At the beginning of the 1990's, the music market changed. With the advent of the Internet, there was the possibility for fans from different regions of the world to get in touch with each other. In this context, a mailing list On-Reflection was created, where fans from all over the world could discuss everything that is connected with Gentle Giant. Furthermore, the American fan Daniel Barrett set up the official website for Gentle Giant in 1994 and from 1992 to 1997 the Norwegian Geir Hasnes published five issues of a Gentle Giant fan magazine Proclamation. Gentle Giant's albums have been re-released several times on CD since 1989. Furthermore, since 1994 many concert recordings have been released as well as unreleased studio recordings, once as double CD Under Construction (1997), once 2004 as a quadruple CD Scraping the Barrel. A DVD with concert recordings is also available. Since 2005, there is also a band biography of Paul Stump. From this book, one can learn many details about the band's life, and the music is examined in detail (e.g. in a separate essay by Geir Hasnes), while the lyrics are only considered in passing. If Paul Stump's impression is correct, Gentle Giant have always longed for the big commercial breakthrough, but management, the record industry and the music scene in general have been unfavourable to them. After all, the band is hipper in 2005 than in the past 25 years. In addition, there are many younger bands who explicitly refer to Gentle Giant and declare them to be significant influences.

Realization

I have promised a paper about the text Realization. Obviously, there is no record by Gentle Giant that bears this title. Among the approximately 85 individual pieces of Gentle Giant's oeuvre, there is not a single one with this title. Realization is at least not a text that can be recognized as such at first glance. Rather, it is only the hypothesis of a text. Under the name Realization, I would like to summarize a certain section of the complete works of Gentle Giant. After all, the word Realization appears in three different songs of the band, at important places that might indicate that a corresponding text actually contours itself there.

When a band is named Gentle Giant and calls the first track of their first self-titled album Giant, one can expect that programmatic statements can be found in this song.

Giant
(Lyrics and music: Shulman/ Shulman/ Shulman/ Minnear)

The birth of a realization
The rise of a high expectation;
Emerging successful, defiant;
Together the parts make a Giant.

This song expresses the experience of the birth of something new, a great expectation. At this point, realization as a self-fulfillment is merely a promise, a hope for the future. The song with the title Winning, the penultimate track of the 9th record, offers a retrospective view of a way of life. Here, it is told that realization was found sometime:

Winning
(Lyrics and music: Shulman/ Shulman/ Minnear)

Once he could smile maybe happy
Fighting for his future and his destinations
There were his friends he'd rely on
Everyone had nothing but their aspirations
Soon dreaming found realization
Winning was his target with deliberation.

The struggle for the realization of one's own destiny, ambitious plans and dreams soon led to fulfillment. The first track of the 8th record, the title song Interview, tells exactly when this moment of realization was:

Interview
(Lyrics and music: Shulman/ Shulman/ Minnear)

Yes it's been hard, going a long time
And we're together even now.
Why do you ask? Surely you know it!
Isn't it clear just when and how.

What can we tell you? At the beginning
Had no direction, any other way.
After the fourth one, realization,
Finding our road, the same as if today.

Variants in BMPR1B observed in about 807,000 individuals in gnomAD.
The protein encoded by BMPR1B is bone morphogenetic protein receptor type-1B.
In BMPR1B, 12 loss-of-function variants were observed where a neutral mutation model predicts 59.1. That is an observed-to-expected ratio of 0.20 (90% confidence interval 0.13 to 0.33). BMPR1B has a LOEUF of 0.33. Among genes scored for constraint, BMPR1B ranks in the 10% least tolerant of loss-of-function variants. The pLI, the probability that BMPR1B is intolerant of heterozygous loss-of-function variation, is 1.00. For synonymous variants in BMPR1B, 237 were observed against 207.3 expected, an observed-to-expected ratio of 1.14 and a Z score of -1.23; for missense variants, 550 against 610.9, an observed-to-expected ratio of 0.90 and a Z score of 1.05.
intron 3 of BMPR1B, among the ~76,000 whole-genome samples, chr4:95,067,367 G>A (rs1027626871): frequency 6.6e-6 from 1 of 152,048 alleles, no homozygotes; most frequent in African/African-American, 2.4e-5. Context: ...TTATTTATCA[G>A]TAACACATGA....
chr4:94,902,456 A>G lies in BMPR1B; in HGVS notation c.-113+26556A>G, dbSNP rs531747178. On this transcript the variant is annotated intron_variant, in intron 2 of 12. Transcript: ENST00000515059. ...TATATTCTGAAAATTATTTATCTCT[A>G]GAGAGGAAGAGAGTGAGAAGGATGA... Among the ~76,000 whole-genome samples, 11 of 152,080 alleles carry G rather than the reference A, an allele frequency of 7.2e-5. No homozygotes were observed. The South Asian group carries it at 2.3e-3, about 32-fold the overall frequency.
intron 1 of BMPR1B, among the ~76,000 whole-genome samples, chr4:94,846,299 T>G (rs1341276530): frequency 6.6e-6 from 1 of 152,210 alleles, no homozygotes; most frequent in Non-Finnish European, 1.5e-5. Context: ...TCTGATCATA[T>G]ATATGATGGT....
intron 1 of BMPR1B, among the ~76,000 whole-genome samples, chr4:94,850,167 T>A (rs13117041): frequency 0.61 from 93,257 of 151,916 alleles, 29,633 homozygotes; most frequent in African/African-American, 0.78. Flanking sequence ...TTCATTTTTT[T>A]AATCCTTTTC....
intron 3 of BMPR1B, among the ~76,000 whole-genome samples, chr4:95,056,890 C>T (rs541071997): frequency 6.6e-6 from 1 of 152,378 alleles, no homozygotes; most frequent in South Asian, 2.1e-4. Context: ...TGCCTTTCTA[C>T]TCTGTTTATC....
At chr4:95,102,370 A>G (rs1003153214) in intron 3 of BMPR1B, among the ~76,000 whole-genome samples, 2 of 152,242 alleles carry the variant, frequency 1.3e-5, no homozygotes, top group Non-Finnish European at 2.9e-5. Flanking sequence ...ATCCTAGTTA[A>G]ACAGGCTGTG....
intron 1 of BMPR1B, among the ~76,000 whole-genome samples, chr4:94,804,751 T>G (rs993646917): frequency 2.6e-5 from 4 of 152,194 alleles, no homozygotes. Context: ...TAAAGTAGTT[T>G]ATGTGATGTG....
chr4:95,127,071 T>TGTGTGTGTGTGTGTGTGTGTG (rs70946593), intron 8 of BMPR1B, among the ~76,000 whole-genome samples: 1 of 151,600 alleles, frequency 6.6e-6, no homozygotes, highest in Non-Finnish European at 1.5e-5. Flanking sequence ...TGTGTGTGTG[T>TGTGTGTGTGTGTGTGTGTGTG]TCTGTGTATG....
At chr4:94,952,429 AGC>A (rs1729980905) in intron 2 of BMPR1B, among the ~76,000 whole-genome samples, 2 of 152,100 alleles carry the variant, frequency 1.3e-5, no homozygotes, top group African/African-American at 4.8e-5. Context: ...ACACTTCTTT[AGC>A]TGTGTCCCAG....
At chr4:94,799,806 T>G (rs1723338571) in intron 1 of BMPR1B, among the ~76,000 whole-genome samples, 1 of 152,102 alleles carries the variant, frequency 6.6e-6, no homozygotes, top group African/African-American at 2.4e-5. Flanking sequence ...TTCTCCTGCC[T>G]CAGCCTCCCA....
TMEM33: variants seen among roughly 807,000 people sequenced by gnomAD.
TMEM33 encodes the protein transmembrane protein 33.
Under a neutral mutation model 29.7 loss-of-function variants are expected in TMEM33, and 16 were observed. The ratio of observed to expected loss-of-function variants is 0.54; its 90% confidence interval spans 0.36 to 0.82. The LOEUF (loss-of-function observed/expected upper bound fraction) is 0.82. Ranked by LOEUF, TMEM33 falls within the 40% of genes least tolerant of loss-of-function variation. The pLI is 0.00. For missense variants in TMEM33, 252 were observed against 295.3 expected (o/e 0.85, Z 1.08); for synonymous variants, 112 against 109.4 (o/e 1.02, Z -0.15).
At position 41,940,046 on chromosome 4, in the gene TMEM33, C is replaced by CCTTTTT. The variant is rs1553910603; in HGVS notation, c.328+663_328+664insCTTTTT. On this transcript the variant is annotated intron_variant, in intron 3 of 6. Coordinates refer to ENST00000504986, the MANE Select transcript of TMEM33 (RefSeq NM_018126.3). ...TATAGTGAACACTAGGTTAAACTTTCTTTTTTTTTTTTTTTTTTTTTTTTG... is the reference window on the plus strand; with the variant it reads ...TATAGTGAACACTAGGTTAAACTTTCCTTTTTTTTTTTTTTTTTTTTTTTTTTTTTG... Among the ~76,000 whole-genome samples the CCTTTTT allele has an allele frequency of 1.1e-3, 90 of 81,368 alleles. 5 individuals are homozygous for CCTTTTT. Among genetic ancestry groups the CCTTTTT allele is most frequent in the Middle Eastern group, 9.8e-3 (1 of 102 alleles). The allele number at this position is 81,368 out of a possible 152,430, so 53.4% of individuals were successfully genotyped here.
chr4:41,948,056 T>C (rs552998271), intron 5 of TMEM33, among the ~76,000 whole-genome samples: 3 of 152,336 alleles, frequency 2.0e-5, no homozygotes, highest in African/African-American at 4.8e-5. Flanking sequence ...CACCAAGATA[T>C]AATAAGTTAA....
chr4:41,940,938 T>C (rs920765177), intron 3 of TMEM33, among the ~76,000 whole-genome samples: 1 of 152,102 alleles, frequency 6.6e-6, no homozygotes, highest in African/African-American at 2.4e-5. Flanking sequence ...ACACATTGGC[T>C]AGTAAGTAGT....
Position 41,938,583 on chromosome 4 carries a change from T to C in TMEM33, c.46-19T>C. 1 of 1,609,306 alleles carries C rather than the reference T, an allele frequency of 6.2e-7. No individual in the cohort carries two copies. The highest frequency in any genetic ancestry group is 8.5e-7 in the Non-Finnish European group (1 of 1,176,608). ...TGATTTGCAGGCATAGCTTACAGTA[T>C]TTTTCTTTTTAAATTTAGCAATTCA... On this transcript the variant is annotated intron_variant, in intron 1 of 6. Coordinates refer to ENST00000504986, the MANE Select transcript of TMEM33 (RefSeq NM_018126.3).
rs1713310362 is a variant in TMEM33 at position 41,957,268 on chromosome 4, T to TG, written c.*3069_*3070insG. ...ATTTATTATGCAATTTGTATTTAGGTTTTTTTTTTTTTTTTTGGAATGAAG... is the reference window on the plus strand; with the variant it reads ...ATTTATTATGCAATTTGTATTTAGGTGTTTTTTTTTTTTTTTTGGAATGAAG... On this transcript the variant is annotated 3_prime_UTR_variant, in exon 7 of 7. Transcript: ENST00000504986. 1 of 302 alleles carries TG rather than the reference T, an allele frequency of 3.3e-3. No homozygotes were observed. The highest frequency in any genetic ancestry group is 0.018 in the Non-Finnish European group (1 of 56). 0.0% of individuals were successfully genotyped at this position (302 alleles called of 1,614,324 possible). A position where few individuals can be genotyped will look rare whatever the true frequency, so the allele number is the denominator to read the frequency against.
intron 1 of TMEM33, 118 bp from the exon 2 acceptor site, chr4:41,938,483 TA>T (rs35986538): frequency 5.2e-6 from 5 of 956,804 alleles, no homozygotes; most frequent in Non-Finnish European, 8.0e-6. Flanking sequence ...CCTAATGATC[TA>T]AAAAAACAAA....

In this song, the band answers in annoyed tone questions from journalists who always want to know the same thing and who should know the answers already themselves. If one is willing to take the lyrics literally, one learns that the band had no particular direction at the beginning of their career, but ‘after the fourth one’ they found the way they were looking for and still follow now. ‘After the fourth one’ I would like to understand that it means the time after the fourth record release. This means that Gentle Giant found their realization from the fifth record.

What could that realization consist of? Musically, there is no qualitative leap between the fourth and fifth records, I think. What has changed, however, is that Phil Shulman, the older of the Shulman brothers, left Gentle Giant after the fourth album Octopus. His main function was the textual conception of the songs. From the fifth record on, singer Derek Shulman was responsible for the lyrics. I would like to pursue the hypothesis that the entire work, from the fifth record onwards, represents a unity, especially the lyrics, but also the covers of the records contribute to the overall narrative, as does, of course, the music. Some of the tracks of the first four records can be interpreted in such a way that they also contribute to the text Realization in whole or in part, but there are also a number of lyrics that have nothing to do with it. So, the boundaries of the text Realization are not quite clear, but the core is fixed. From this perspective, I will now look again at records five to eleven. In particular, I will illuminate such passages where text and music have a common statement.

What makes the individual lyrics of more than 60 songs a uniform text, which textuality criteria are fulfilled in order to make Realization perceived as a text at all? As already seen in the word Realization, the coherence of the text is created by the fact that certain words or notions or metaphors appear again and again, so that cross-references arise and developments become visible. The individual songs of Realization comment on each other. Some of these metaphors I will take up and try to interpret in the following. In addition, certain themes run like a red thread through the songs, such as friendship, the pursuit of common goals, and failure due to unfavorable external circumstances. The text Realization is not epic nor is it autobiographical in nature, but it is lyrical treatment of immediate, authentic and existential experience. It is therefore highly self-reflexive and antimimetic. Whoever lives in a rock band and tries to be successful with this band subordinates his whole life to this business. Then it is obvious and honest to report about these experiences and to handle them in this way. And nothing else happens in Realization.